Thursday, December 2, 2021
Unless the contract grants the franchisee an "exclusive territory," the franchisor may have an incentive to set up more franchisees in the same area. Using a ten year data set of Texas Hotels, Arturs Kalnins find that when new franchisees open up nearby, incumbent franchisees lose 2-3% of their revenue. Interestingly, there is no cannibalization when a new company-owned hotel enters near an existing company-owned hotel (e.g., La Quinta and Motel 6 own most of their own hotels).
If franchisees anticipate that future franchisees will cannibalize sales, this will reduce the amount that they are willing to pay for the franchise. If franchisees do not anticipate cannibalization, they are in for a rude awakening.
Franchisees are powerful politically (easy to organize, common purpose) and often lobby state legislatures to enact franchisee "bill of rights" giving them, among other things, right of first refusal for new franchises. In states with strong franchisee bills of rights, companies with strong brands opt for company-owned stores, which are easier to control instead of the franchisee organizational form..
Thursday, November 25, 2021
If a firm makes a decision that increases costs or reduces quality, there are two immediate consequences: reduced sales as consumers turn to lower-priced, or higher-quality, alternatives; and a higher cost of capital, as lenders and investors turn to more profitable opportunities. Product market competition thus aligns the incentives of a firm with the goals of consumers, and capital market competition, with the goals of lenders and investors.
In contrast, if a government makes a bad decision, one that makes the state a less desirable place to work or do business, residents must wait until the next election, or move. This kind of pressure is weaker and delayed, as it is costly and takes time to start over in a new state. As a result, incentives for state government to better serve its residents are not as strong or immediate.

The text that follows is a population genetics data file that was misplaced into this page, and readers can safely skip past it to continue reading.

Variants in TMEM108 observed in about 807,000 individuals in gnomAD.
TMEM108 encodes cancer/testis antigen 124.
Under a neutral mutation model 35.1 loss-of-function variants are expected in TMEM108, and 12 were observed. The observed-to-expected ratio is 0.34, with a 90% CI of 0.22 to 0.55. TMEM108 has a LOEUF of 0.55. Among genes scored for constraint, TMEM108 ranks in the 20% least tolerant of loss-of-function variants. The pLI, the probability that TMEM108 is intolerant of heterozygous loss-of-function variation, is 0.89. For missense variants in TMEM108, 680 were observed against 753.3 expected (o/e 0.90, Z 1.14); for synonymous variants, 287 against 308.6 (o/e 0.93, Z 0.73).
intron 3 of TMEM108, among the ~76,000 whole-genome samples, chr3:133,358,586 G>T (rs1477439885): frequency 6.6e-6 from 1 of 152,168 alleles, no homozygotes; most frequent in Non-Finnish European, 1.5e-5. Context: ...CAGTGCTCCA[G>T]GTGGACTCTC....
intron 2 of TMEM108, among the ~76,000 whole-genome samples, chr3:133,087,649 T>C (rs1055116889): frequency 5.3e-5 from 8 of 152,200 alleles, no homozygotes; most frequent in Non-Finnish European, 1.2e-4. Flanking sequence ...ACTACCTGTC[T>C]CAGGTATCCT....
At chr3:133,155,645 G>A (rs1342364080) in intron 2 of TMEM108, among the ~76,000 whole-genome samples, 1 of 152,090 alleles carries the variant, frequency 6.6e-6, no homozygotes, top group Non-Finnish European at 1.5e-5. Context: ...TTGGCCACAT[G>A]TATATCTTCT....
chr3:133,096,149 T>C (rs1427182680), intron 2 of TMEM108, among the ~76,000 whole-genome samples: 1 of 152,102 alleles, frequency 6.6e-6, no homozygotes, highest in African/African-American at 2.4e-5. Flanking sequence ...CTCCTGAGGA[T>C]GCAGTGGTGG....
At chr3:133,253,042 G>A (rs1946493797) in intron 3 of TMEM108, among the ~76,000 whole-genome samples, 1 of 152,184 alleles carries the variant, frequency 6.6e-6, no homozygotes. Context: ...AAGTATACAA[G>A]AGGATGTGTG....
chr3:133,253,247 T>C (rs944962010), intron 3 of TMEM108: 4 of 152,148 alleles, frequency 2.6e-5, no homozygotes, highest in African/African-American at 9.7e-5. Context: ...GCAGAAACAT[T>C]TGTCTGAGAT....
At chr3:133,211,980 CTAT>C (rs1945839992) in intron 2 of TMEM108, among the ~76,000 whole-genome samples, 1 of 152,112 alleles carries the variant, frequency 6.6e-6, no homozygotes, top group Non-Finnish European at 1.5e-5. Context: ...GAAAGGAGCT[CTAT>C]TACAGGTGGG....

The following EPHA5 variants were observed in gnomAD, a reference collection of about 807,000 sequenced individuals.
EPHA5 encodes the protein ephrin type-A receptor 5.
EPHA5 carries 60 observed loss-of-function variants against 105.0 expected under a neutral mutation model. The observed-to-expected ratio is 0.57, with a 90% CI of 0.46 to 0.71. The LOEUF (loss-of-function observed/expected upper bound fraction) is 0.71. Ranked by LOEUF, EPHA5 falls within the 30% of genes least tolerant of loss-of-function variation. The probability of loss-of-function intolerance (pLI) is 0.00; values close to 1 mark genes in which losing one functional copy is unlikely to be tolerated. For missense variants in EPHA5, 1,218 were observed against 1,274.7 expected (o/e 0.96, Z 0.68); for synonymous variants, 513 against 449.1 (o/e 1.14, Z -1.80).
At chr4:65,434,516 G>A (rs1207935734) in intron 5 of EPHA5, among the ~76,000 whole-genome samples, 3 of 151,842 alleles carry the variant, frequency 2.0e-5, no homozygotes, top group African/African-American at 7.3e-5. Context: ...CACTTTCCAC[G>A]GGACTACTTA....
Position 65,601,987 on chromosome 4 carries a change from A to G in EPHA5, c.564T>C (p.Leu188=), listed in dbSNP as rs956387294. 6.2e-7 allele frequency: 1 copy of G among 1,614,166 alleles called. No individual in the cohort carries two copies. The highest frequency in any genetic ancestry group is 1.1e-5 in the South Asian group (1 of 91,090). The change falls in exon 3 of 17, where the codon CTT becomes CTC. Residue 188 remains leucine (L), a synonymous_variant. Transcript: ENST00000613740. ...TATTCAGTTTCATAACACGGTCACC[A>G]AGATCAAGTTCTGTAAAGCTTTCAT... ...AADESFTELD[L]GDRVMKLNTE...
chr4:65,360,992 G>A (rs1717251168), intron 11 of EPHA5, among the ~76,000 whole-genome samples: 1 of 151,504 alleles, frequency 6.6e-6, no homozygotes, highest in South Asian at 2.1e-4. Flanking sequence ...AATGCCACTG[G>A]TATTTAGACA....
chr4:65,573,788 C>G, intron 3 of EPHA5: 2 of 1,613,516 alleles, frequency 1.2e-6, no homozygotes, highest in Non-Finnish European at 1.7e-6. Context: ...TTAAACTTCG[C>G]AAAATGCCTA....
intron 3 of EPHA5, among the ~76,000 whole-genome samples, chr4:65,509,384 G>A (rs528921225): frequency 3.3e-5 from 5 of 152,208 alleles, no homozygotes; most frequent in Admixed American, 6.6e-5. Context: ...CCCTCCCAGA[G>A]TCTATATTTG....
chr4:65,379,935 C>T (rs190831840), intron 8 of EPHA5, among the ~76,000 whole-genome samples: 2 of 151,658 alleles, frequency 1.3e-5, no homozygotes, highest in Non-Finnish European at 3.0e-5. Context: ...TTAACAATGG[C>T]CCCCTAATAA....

For example, Illinois has decided to under-fund state pensions for decades. Its taxpayers now face a huge future tax burden, and the prospect of reduced government services, like police protection. Current taxpayers are leaving because they can see a costly and crime-ridden future, and would-be taxpayers are locating in better-run states. This kind of competitive pressure is slowly building and should eventually lead to reform.
However, if Democrats raise the SALT (State and Local Tax) deduction for federal taxes, other states will end up paying for Illinois' mistakes, shielding Illinois from the full consequences of its bad decisions. This can only delay reform because governments, like children, do not learn from their mistakes, they learn from the consequences of their mistakes.
Wednesday, November 24, 2021
1. Unbundling services, lowering product quality and devaluing reward programs
2. Shrinkflation and the quantity surcharge
3. Disappearing deals and coupons
4. The sunk costs of memberships
5. From good to better and from better to best
Monday, November 22, 2021
- Inertia and mission creep make government hard to pare back. Voters and lobbyists who benefit from a regulation or item of spending have every reason to work hard at preserving it, ...
- The second force is a fact of life. Prices of the services welfare states provide, such as health care and education, grow faster than the economy because of their high labour intensity and low rates of productivity increase. ...
- The third force is that governments today have more things to get done. As voters became richer over the 20th century they demanded more education and more of the expensive health care that takes advantage of the latest science. ...
- One task is to maximise the role of markets and individual choice. Climate change should be fought with a price for carbon, ... not by rationing flights, promoting green national champions or enlisting central banks to distort financial markets.
- The welfare state should focus on redistributing cash and letting those in need choose what to do with it, not setting up new bureaucracies such as President Joe Biden’s proposed federal child-care system.
Saturday, November 20, 2021